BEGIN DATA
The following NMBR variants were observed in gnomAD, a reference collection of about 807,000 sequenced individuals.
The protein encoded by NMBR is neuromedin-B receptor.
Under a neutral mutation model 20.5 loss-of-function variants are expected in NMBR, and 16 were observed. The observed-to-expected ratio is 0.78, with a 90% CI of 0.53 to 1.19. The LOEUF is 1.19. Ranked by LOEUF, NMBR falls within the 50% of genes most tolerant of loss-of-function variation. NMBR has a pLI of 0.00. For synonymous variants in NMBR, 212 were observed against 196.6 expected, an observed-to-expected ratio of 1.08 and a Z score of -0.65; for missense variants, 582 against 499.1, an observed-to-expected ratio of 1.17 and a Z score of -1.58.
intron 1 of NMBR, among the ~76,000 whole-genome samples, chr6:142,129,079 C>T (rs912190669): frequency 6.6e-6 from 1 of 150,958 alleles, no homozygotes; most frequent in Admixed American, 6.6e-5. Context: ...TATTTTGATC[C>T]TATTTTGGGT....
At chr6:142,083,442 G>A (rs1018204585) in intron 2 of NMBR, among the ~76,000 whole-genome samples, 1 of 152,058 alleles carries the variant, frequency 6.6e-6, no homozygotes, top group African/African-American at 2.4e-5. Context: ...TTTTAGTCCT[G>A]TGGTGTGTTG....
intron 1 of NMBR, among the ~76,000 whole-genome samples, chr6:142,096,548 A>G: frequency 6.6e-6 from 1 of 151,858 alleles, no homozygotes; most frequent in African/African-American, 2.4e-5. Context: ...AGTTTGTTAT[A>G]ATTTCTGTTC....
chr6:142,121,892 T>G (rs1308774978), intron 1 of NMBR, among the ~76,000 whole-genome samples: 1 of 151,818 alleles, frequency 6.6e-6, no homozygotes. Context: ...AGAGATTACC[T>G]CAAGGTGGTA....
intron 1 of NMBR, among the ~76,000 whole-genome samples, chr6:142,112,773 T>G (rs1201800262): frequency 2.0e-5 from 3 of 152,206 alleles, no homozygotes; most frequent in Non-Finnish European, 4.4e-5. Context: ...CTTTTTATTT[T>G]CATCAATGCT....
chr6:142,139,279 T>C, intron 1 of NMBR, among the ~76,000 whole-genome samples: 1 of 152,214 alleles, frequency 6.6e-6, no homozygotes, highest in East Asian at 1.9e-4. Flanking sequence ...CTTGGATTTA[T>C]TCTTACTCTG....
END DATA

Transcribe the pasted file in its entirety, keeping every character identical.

The following NMBR variants were observed in gnomAD, a reference collection of about 807,000 sequenced individuals.
The protein encoded by NMBR is neuromedin-B receptor.
Under a neutral mutation model 20.5 loss-of-function variants are expected in NMBR, and 16 were observed. The observed-to-expected ratio is 0.78, with a 90% CI of 0.53 to 1.19. The LOEUF is 1.19. Ranked by LOEUF, NMBR falls within the 50% of genes most tolerant of loss-of-function variation. NMBR has a pLI of 0.00. For synonymous variants in NMBR, 212 were observed against 196.6 expected, an observed-to-expected ratio of 1.08 and a Z score of -0.65; for missense variants, 582 against 499.1, an observed-to-expected ratio of 1.17 and a Z score of -1.58.
intron 1 of NMBR, among the ~76,000 whole-genome samples, chr6:142,129,079 C>T (rs912190669): frequency 6.6e-6 from 1 of 150,958 alleles, no homozygotes; most frequent in Admixed American, 6.6e-5. Context: ...TATTTTGATC[C>T]TATTTTGGGT....
At chr6:142,083,442 G>A (rs1018204585) in intron 2 of NMBR, among the ~76,000 whole-genome samples, 1 of 152,058 alleles carries the variant, frequency 6.6e-6, no homozygotes, top group African/African-American at 2.4e-5. Context: ...TTTTAGTCCT[G>A]TGGTGTGTTG....
intron 1 of NMBR, among the ~76,000 whole-genome samples, chr6:142,096,548 A>G: frequency 6.6e-6 from 1 of 151,858 alleles, no homozygotes; most frequent in African/African-American, 2.4e-5. Context: ...AGTTTGTTAT[A>G]ATTTCTGTTC....
chr6:142,121,892 T>G (rs1308774978), intron 1 of NMBR, among the ~76,000 whole-genome samples: 1 of 151,818 alleles, frequency 6.6e-6, no homozygotes. Context: ...AGAGATTACC[T>G]CAAGGTGGTA....
intron 1 of NMBR, among the ~76,000 whole-genome samples, chr6:142,112,773 T>G (rs1201800262): frequency 2.0e-5 from 3 of 152,206 alleles, no homozygotes; most frequent in Non-Finnish European, 4.4e-5. Context: ...CTTTTTATTT[T>G]CATCAATGCT....
chr6:142,139,279 T>C, intron 1 of NMBR, among the ~76,000 whole-genome samples: 1 of 152,214 alleles, frequency 6.6e-6, no homozygotes, highest in East Asian at 1.9e-4. Flanking sequence ...CTTGGATTTA[T>C]TCTTACTCTG....